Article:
• You can now refer to any additional parameters at the end of the argument in a block by adding three dots to it (). It tells syslog-ng OSE that this macro accepts `__VARARGS__`, therefore any name-value pair can be passed without validation. For details, see Passing arguments to configuration blocks.

  • You can now make parameters mandatory in block definitions by defining them with empty brackets (). For details, see Mandatory parameters.

  • The failover() option allows you to specify what happens after syslog-ng OSE fails over to a secondary server. Additionally, the failover-servers() option has been deprecated and removed from the document. For more information about the failover() option, see Client-side failover.

  • Added support for the timestamp format used by Cisco Unified Call Manager in the Cisco Parser. For details, see the source code of this parser on GitHub.

Changes in documentation:
  • A note about JVM still running after deleting all Java destinations and reloading syslog-ng has been added to the description of Java destinations.

  • The default value of the --skip-tokens parameter of the loggen application has been changed to 0. For details, see The loggen manual page.

Version 3.15 - 3.16

Changes in product:
  • A new destination driver, telegram(), has been added. The telegram() destination sends log messages to Telegram, which is a secure, cloud-based mobile and desktop messaging app. For more information, see Telegram: Sending messages to Telegram.

  • A new template function, urlencode, has been added. You can use the urlencode template function together with the telegram() destination to send syslog messages to Telegram. For more information, see Template functions of syslog-ng OSE.

  • To ensure that a module is loaded, you can use the @requires statement. For more information, see Loading modules.
  • The add-contextual-data() has been extended with the ignore-case() option. For more information, see Options add-contextual-data().
  • The hook-commands() has been added, which makes it possible to execute external programs when they are initialized or torn down. The hook-commands() can be used for both source and destination drivers. For more information, see hook-commands()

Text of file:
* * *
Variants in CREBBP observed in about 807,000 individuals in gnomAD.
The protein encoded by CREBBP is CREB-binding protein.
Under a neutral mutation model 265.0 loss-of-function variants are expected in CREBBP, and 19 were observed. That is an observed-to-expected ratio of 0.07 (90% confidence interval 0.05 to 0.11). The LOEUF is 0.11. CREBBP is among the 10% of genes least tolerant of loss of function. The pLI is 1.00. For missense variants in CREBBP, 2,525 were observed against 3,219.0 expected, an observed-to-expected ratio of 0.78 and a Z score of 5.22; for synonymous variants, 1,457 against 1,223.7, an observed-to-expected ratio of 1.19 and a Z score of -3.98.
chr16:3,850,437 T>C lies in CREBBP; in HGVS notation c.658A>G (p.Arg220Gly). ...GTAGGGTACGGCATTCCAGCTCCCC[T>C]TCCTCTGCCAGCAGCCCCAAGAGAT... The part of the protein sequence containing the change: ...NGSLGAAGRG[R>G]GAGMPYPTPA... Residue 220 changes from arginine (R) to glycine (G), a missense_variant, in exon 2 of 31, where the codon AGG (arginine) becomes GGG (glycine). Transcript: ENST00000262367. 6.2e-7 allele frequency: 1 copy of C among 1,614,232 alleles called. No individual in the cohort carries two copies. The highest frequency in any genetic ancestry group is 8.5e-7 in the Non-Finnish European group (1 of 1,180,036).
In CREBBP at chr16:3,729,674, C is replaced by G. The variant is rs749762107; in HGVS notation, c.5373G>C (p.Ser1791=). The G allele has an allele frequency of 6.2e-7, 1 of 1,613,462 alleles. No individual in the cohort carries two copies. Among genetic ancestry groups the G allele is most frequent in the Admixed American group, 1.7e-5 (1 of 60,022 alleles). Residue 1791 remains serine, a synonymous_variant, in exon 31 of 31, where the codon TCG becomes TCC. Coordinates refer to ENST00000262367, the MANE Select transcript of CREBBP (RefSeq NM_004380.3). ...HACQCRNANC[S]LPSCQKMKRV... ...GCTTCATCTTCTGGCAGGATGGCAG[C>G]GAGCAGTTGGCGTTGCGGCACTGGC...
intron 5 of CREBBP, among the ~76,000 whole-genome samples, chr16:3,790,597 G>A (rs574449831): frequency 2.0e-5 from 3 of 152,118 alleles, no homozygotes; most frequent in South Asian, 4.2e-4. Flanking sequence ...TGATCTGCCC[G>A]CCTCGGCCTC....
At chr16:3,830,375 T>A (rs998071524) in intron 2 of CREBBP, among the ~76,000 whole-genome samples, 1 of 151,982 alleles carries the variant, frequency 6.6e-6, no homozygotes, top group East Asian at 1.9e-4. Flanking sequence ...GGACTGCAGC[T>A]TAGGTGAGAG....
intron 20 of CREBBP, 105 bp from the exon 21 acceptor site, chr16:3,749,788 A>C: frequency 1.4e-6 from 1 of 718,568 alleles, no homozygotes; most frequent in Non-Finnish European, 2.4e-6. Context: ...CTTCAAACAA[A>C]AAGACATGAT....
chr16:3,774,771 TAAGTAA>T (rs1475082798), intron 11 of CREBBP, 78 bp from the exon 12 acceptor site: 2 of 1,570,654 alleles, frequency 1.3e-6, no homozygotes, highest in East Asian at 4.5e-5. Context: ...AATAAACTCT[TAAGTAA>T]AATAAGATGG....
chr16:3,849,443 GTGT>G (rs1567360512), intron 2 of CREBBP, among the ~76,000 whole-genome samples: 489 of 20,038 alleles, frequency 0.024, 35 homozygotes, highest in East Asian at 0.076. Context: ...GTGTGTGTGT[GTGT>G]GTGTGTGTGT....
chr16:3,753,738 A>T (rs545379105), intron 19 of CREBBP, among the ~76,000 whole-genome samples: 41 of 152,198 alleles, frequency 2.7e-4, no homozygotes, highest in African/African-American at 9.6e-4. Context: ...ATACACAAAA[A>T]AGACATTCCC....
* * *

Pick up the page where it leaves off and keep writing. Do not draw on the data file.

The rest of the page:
Version 3.14 - 3.15

Changes in product:
  • It is now possible to use if {}, elif {}, and else {} blocks to configure conditional expressions. For details, see if-else-elif: Conditional expressions.

  • A new log path flag, drop-unmatched, has been added. The new flag causes messages to be dropped along a log path when they do not match a filter or are discarded by a parser. For details, see Log path flags.

  • Support for Elasticsearch's Shield has been removed.

  • Support for POSIX regular expressions has been removed.

Version 3.13 - 3.14

Changes in product:
  • You can use password-protected private keys in the network() and syslog() source and destination drivers. For details, see Password-protected keys.

  • To better control to which log messages you add contextual data, you can use filters as selectors. In this case, the first column of the CSV database file must contain the name of a filter. For each message, syslog-ng OSE evaluates the filters in the order they appear in the database file. If a filter matches the message, syslog-ng OSE adds the name-value pair related to the filter. For details, see Using filters as selector.

Version 3.12 - 3.13

Changes in product:
Changes in documentation:
  • A new section describing common error messages has been added to the document. For more information, see Error messages .

  • Several corrections and editorial changes.

Version 3.11 - 3.12

Changes in product:
Changes in documentation:
  • Added section about commercial version of syslog-ng. For more information, see Commercial version of syslog-ng.

  • Added warning about the requirement to delete the persist file once the dir() option of disk-buffer() has been modified or a new one has been added. For more information, see destination: Forward, send, and store log messages.

  • Clarified information about the Python parser's deinit() method. It runs not only at a syslog-ng graceful stop, but at a reload too. For details, see Methods of the python() parser.

  • Several corrections and editorial changes.

Version 3.10 - 3.11

Changes in product:
Changes in documentation:

Version 3.9 - 3.10

Changes in product:
Changes in documentation:

Version 3.8 - 3.9

Changes in product:
Changes in documentation:
  • Corrections and editorial changes.

Version 3.7 - 3.8

Changes in product:
Changes in documentation:

Version 3.6 - 3.7

Changes in product:
Changes in documentation:

Version 3.5 - 3.6

Changes in product:
Changes in documentation: